Windows Updates

Kopite_21Kopite_21 Member Posts: 194 ■■■□□□□□□□
Hi Guys,


I work for a medium sized IT Company in the Channel Isles offering Professional and Managed Services to businesses of all sizes, as well as a range of other support services such as Business Continuity, Hosting and eGaming.


My question is when we perform Windows Security Updates for clients we log into their servers and perform their patching but we need to make a note of the KB numbers that were patched and input them into a spreadsheet. When it comes to patching certain clients they tend to have a lot of patches to install and I need to write these down in the spreadsheet one by one. Is there an easier way were I can import these patches like insert them into Notepad then copy the lot of them all at once then insert them into the spreadsheet?


I have to remote to these servers so there is noway i can open a Notepad in the server and insert the KB numbers there then insert them into a Notepad on my Desktop.


Thanks for the help in advance. icon_rolleyes.gif

Comments

  • 636-555-3226636-555-3226 Member Posts: 976 ■■■■■□□□□□
    Looked into using WSUS or SCCM for updates? Much better than doing it manually, along with reporting
  • TheFORCETheFORCE Senior Member Member Posts: 2,298 ■■■■■■■■□□
    Looked into using WSUS or SCCM for updates? Much better than doing it manually, along with reporting

    what 636 said, look to automate the patching processes, you can schedule jobs, its less time consuming, more efficient etc. Look at SCCM.
  • BornToBeMildBornToBeMild Member Posts: 69 ■■□□□□□□□□
    Kopite_21 wrote: »
    I have to remote to these servers so there is noway i can open a Notepad in the server and insert the KB numbers there then insert them into a Notepad on my Desktop.

    You can enable clipboard sharing in Remote Desktop or even better enable the "map local drives" option. Then you can create a file on the server, and save it to your local drive. You could use Powershell to list installed updates:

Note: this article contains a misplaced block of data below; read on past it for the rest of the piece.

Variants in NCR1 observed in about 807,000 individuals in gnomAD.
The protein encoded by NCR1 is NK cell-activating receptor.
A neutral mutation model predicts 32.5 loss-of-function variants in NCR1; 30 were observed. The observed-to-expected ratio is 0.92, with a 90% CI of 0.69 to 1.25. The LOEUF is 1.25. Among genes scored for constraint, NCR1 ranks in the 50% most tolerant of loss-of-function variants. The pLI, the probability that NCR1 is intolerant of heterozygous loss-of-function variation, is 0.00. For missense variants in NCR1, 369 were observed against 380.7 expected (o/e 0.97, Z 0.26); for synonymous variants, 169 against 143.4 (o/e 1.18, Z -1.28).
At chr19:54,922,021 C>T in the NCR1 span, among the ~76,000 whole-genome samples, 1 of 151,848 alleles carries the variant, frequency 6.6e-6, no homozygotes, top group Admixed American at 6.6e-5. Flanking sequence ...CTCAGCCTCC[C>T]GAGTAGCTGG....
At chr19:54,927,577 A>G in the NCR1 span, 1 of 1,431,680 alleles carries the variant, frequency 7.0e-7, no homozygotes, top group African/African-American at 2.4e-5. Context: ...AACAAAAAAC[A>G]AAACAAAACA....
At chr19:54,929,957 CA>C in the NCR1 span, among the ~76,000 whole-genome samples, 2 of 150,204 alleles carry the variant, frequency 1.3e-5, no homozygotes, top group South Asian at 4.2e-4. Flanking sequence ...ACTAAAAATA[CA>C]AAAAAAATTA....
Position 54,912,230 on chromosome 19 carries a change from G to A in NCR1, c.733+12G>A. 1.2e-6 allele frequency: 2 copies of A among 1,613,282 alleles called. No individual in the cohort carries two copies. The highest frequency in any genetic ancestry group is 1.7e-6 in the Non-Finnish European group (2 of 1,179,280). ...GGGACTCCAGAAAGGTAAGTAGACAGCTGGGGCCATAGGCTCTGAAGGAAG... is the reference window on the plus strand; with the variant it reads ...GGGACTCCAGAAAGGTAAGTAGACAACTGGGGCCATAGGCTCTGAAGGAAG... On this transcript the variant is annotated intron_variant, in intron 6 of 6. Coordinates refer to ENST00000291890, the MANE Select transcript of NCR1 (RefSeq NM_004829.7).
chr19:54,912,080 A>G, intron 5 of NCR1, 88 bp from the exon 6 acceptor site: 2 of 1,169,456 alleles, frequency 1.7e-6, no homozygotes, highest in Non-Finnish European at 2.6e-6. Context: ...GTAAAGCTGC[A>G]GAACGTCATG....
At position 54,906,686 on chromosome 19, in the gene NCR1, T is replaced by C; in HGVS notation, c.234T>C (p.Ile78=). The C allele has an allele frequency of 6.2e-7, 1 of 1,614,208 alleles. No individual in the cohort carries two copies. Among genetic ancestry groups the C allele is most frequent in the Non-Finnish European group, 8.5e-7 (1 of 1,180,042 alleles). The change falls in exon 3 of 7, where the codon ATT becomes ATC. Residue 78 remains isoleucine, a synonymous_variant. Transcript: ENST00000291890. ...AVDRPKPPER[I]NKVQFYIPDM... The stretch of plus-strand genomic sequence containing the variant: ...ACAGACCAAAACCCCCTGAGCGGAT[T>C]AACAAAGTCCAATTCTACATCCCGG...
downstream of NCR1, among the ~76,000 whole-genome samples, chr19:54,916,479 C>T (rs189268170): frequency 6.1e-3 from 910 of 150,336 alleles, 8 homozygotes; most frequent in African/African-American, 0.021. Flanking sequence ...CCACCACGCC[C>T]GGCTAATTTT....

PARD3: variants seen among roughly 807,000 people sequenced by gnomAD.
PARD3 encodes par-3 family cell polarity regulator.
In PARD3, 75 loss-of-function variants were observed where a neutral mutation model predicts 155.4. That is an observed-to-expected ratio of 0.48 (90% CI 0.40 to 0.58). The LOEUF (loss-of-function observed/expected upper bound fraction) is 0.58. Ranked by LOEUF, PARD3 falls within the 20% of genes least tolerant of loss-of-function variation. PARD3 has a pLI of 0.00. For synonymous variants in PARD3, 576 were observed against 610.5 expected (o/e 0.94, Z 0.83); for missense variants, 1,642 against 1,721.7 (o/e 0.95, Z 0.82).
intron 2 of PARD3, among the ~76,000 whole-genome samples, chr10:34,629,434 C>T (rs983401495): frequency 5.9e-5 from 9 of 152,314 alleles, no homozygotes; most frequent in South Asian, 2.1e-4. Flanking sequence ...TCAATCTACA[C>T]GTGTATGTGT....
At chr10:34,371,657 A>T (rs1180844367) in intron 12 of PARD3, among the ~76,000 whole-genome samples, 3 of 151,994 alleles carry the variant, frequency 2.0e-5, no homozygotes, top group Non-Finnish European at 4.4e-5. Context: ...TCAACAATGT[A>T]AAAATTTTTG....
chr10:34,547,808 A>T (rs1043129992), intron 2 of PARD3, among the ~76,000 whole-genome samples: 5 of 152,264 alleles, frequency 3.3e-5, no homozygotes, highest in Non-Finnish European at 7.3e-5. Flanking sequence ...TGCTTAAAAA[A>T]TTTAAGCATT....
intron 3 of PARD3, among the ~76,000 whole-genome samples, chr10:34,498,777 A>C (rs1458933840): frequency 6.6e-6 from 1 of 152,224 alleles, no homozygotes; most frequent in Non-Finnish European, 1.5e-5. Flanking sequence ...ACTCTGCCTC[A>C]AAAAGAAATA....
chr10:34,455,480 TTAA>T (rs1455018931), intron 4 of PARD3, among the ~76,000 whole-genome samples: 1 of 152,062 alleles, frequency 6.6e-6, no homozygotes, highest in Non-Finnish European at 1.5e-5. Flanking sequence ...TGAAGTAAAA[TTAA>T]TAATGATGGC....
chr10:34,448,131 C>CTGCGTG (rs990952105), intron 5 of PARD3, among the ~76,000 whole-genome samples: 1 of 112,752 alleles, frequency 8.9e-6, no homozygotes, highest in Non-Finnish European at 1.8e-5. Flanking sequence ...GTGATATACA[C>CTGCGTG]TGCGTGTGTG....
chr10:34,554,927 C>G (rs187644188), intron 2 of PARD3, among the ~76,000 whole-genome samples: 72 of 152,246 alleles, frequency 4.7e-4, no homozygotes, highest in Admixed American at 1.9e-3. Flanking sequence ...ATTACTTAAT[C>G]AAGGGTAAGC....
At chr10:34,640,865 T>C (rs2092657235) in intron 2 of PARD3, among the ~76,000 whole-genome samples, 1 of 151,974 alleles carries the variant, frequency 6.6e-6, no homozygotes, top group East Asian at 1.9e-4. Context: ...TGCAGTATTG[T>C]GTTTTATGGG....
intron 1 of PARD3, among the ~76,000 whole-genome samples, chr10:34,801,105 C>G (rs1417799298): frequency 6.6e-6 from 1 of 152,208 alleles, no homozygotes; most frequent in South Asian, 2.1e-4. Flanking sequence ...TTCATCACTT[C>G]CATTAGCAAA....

Get-Hotfix | Sort InstalledOn -desc

    The sort option fails if you don't have the U.S. date format, so a more global (but more complicated) version is:

    Get-HotFix | Select description,hotfixid,installedby,@{l="InstalledOn";e={[DateTime]::Parse($_.psbase.properties"installedon"].value,$([System.Globalization.CultureInfo]::GetCultureInfo("en-US")))}} | sort installedon -descending

    You could play with this to restrict the list to installed today, or today-5, etc. You can also output to csv.

    There is also a PS module talked about here:

    https://blogs.technet.microsoft.com/heyscriptingguy/2012/11/08/use-a-powershell-module-to-run-windows-update/
  • scaredoftestsscaredoftests Security +, ITIL Foundation, MPT, EPO, ACAS, HTL behind youMod Posts: 2,781 Mod
    We use SCCM at work. Sometimes, it catches them all. However, we do have to look up the updates that fall through the cracks and we fail the STIGS. I hate when a few of the updates fail and either you can reinstall or have to go to the repository again and download/reinstall.
    Never let your fear decide your fate....
  • kohr-ahkohr-ah Member Posts: 1,277
    WSUS, SCCM, or also Kaseya.

    When I worked at an MSP about 2 years ago we'd installed Kaseya on their servers SOLELY for updates and it tells you the updates you want to perform. Screen cap then for later and push.

    ** Note Kaseya is expensive though
  • Kopite_21Kopite_21 Member Posts: 194 ■■■□□□□□□□
    Hi Guys,

    Thanks for all your reply's, really some great info you have given me.
  • White WizardWhite Wizard Member Posts: 179
    Should implement Kaseya or SolarWinds N-able for software management of patches, AV, remote control, scripting, and so on.

    Expensive solutions but you have to consider how much time you are spending manually inputting Kb numbers onto a spreadhseet compared to a set it and forget type of solution.
    "The secret to happiness is doing what you love. The secret to success is loving what you do."
  • blargoeblargoe Self-Described Huguenot NC, USAMember Posts: 4,174 ■■■■■■■■■□
    You can enable clipboard sharing in Remote Desktop or even better enable the "map local drives" option. Then you can create a file on the server, and save it to your local drive. You could use Powershell to list installed updates:

    Get-Hotfix | Sort InstalledOn -desc

    The sort option fails if you don't have the U.S. date format, so a more global (but more complicated) version is:

    Get-HotFix | Select description,hotfixid,installedby,@{l="InstalledOn";e={[DateTime]::Parse($_.psbase.properties"installedon"].value,$([System.Globalization.CultureInfo]::GetCultureInfo("en-US")))}} | sort installedon -descending

    You could play with this to restrict the list to installed today, or today-5, etc. You can also output to csv.

    There is also a PS module talked about here:

    https://blogs.technet.microsoft.com/heyscriptingguy/2012/11/08/use-a-powershell-module-to-run-windows-update/

    The get-hotfix cmdlet also works with the -computername switch, so you could loop through a list of server names and use export-csv to **** the above command to a csv file.
    IT guy since 12/00

    Recent: 11/2019 - RHCSA (RHEL 7); 2/2019 - Updated VCP to 6.5 (just a few days before VMware discontinued the re-cert policy...)
    Working on: RHCE/Ansible
    Future: Probably continued Red Hat Immersion, Possibly VCAP Design, or maybe a completely different path. Depends on job demands...
Sign In or Register to comment.